One of the joys of publishing guest posts on this blog is that I get to enjoy a glimpse into aspects of the vast worlds of gender, sexuality, and kink that I don’t have direct experience with. That’s why I am really thrilled with today’s post in which Lisa Kivok (she/her) tells us why she thinks it’s past time for non-binary and polyamorous inclusion in the world of leather titles. It’s a thought-provoking piece that I’m thrilled to share with you all.
It’s Time for Non-binary and Polyamory-Inclusive Leather Titles by Lisa Kivok
It’s 2022. Non-binary and polyamorous people are increasingly visible in mainstream society. Not nearly enough, of course, but still increasingly so. But the leather community, which rightfully prides itself so much on being accepting, often excludes them in its contest titles. Not always, and usually not intentionally, but still far too often.
For example, how often do you see a leather title for Couple of the Year/Region/etc.? Now, how included do you think monogamous people would feel if the title was Polycule of the Year… but hey, we’ll let couples compete and call them “Couple of the Year” if they happen to win? Just about as included as polyamorous people feel when relationships competing for titles are dubbed “couples” by default.
Instead, it’s time for leather contests to stop using Couple of the Year titles and start using titles that are neutral in relationship style and can truly include polyamorous people – for example, Relationship of the Year.
A trickier phenomenon is that of Woman/Man of the Year/Region/etc. leather titles. It wouldn’t be right for those titles to be replaced – for a lot of people, their femininity or masculinity is an important part of their connection to the leather world. That shouldn’t be downplayed by eliminating those titles. But it’s past time that leather contests acknowledged non-binary leather people by adding a non-binary title, too – for example, Non-binary Person of the Year. Just letting non-binary people compete in Woman/Man categories and changing the title if they win isn’t fair. If women and men get their own designated titles, non-binary people should, too. After all, would you expect a woman to feel included in a non-binary person of the year contest? The same is true in reverse.
Why is now the time to make these changes?
Polyamorous and non-binary people have always existed, and any time would have been a great time to acknowledge them by making these changes, as some but not enough leather contests already have. Indeed, it would have been best to start out with such inclusive titles when leather contests first began. But such changes are better done late than never, and now is an especially important time to take a stand on this. That’s because right now there is a huge backlash against diversity, especially sexual diversity.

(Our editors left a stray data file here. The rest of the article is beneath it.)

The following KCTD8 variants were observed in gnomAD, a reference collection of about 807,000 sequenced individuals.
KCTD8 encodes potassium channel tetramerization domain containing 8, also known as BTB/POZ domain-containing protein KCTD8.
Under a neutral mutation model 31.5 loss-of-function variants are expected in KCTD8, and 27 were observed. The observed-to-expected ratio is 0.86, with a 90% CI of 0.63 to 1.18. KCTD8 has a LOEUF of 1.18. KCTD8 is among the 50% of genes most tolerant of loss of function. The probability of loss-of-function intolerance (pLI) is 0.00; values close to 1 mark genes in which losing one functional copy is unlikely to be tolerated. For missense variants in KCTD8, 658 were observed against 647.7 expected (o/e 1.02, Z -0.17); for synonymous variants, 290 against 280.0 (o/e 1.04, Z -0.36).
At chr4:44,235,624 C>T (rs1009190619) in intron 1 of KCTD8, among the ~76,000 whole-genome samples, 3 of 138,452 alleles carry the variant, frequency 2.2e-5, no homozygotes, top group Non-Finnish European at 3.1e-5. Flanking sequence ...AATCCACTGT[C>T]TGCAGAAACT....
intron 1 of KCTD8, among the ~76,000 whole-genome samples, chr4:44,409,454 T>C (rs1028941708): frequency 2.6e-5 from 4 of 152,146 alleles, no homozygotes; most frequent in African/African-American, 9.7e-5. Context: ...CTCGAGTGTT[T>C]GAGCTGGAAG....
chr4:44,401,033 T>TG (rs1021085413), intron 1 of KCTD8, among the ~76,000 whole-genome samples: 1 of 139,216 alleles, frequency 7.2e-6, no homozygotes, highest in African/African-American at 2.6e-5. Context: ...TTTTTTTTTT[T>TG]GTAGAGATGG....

Yes, non-binary and polyamorous people are increasingly visible in mainstream society, but that often only leads to greater backlash. You can’t turn on the TV or look at Twitter without hearing about people being called groomers for being queer in public, trans youth being denied puberty blockers, and other attempts to shove people back into the imagined Father Knows Best days that never really existed.
If even the leather community pushes polyamorous and non-binary people to the side for not being mainstream enough, where will those people find acceptance?
Lack of acceptance may drive these people away from the leather subculture, which in addition to being unfortunate for them would be unfortunate for leather society itself. Polyamorous and non-binary people have contributed much to leather society, and no doubt can and will contribute more if they were better included.
The leather subculture has never been about the “nice” people who just want to be accepted by the mainstream. Sure, they’re as welcome in leather society as anyone else. But the heart of leather society has always been people maligned and excluded elsewhere. It is hypocritical and illogical to have a subculture based in large part on a fairly rare sexual fetish, long thought of as disgusting and immoral by mainstream society, and to then exclude polyamorous and non-binary people for not being mainstream or common enough. That way lies a ”sanitization” of leather society that goes against the values the culture does, and should, stand for in terms of acceptance of people who do not belong to the sexual and gender mainstream.
Making room for people excluded from mainstream society has always been part of leather culture, and minority groups within leather culture have fought long and proudly and successfully for inclusion, including in leather titles. There are women’s leather titles, Black leather titles, and deaf leather titles, to name just a few. It’s time we gave polyamorous and non-binary people the same sort of chance. It’s time to remind ourselves that when mainstream society says “get out, freaks and perverts”, leatherfolk say, “you’re welcome here with us.”
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